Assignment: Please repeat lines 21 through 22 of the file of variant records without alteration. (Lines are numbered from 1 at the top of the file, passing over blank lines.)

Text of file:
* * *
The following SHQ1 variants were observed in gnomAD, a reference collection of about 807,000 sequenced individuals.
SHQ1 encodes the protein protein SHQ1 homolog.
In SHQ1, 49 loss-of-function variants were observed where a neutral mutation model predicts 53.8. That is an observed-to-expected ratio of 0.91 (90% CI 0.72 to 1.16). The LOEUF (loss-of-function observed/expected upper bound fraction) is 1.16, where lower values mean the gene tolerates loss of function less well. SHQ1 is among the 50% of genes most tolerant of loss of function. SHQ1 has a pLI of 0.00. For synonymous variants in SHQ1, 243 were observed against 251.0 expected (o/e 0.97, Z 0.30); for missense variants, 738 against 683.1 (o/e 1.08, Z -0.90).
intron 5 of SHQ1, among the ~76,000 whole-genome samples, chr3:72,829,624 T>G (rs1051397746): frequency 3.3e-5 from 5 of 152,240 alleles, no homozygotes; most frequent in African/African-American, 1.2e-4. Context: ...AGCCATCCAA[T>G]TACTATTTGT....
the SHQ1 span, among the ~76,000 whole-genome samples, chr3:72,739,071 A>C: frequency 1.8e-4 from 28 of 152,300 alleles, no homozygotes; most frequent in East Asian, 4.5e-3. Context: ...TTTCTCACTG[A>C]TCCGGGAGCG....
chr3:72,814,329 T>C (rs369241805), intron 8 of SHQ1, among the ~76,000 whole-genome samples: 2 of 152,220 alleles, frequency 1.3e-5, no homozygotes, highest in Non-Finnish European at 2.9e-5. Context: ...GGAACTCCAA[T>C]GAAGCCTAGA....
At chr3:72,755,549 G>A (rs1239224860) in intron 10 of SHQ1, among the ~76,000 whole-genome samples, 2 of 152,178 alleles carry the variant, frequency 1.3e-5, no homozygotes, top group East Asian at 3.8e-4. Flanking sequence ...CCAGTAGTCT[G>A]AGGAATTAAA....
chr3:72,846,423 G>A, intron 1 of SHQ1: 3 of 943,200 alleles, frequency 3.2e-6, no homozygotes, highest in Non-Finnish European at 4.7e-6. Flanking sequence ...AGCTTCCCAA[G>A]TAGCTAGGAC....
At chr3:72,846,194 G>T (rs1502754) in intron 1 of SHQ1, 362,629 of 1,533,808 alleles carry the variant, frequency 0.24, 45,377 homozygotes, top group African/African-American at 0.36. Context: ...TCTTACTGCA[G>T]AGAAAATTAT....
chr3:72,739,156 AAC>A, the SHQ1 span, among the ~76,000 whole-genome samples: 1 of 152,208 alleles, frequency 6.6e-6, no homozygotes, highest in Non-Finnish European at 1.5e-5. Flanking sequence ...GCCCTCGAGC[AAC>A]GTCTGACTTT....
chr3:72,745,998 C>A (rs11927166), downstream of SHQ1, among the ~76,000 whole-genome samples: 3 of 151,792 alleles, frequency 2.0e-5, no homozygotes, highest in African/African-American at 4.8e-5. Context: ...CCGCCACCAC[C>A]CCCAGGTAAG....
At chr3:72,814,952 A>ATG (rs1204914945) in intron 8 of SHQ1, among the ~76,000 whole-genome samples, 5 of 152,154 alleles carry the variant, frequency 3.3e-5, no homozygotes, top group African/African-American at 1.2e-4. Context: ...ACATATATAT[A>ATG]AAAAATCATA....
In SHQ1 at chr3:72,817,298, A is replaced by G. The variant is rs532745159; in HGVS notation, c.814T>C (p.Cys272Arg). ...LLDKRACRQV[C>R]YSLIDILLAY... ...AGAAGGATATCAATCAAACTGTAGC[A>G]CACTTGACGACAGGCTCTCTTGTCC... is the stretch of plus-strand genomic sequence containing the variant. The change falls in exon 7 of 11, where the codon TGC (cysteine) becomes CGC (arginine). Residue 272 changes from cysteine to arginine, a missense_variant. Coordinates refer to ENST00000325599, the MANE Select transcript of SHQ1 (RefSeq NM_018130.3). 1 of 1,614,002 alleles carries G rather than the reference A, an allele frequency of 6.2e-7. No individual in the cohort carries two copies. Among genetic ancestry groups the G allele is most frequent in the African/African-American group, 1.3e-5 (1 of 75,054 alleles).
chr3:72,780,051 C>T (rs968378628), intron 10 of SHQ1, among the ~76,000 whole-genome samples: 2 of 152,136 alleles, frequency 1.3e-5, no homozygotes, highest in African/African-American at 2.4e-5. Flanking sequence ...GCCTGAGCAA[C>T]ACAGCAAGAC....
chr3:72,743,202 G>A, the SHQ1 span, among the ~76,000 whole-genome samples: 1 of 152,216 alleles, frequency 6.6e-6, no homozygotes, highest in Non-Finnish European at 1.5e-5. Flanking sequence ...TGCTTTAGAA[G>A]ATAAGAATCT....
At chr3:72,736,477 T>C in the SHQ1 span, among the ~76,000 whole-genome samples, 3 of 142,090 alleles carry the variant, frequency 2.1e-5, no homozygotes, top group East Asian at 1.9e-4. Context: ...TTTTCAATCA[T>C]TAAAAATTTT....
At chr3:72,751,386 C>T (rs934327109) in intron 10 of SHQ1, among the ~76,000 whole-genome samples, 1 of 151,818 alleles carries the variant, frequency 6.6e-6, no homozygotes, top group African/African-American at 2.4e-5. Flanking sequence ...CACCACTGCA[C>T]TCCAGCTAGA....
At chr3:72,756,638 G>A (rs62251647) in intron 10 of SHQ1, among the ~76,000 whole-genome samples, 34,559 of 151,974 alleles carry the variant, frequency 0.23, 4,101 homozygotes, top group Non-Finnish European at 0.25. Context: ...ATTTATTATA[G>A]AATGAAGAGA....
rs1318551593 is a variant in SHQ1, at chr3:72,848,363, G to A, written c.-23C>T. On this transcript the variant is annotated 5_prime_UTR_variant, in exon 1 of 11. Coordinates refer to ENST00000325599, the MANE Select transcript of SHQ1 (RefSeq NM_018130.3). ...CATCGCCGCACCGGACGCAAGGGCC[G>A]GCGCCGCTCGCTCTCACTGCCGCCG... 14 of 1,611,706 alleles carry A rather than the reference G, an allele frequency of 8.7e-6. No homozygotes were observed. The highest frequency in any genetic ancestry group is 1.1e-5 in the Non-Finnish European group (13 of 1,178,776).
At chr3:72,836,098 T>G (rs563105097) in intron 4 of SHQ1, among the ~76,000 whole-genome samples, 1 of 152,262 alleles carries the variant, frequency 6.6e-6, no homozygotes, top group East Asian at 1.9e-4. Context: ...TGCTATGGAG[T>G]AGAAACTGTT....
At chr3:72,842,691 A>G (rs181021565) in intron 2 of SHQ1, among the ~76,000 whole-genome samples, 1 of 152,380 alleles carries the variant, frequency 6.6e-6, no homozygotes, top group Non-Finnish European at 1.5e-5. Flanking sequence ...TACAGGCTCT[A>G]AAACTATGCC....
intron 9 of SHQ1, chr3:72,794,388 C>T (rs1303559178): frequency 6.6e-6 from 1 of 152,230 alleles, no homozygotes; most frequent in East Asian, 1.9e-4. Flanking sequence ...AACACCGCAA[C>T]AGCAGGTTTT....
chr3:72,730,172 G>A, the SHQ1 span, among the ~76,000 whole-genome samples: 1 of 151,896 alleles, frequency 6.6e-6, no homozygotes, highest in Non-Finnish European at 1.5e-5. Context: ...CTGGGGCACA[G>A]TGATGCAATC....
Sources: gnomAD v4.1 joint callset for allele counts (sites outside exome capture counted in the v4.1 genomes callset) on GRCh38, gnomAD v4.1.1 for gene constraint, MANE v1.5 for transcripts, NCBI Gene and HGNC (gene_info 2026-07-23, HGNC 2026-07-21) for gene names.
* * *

At chr3:72,842,691 A>G (rs181021565) in intron 2 of SHQ1, among the ~76,000 whole-genome samples, 1 of 152,380 alleles carries the variant, frequency 6.6e-6, no homozygotes, top group Non-Finnish European at 1.5e-5. Flanking sequence ...TACAGGCTCT[A>G]AAACTATGCC....
intron 9 of SHQ1, chr3:72,794,388 C>T (rs1303559178): frequency 6.6e-6 from 1 of 152,230 alleles, no homozygotes; most frequent in East Asian, 1.9e-4. Flanking sequence ...AACACCGCAA[C>T]AGCAGGTTTT....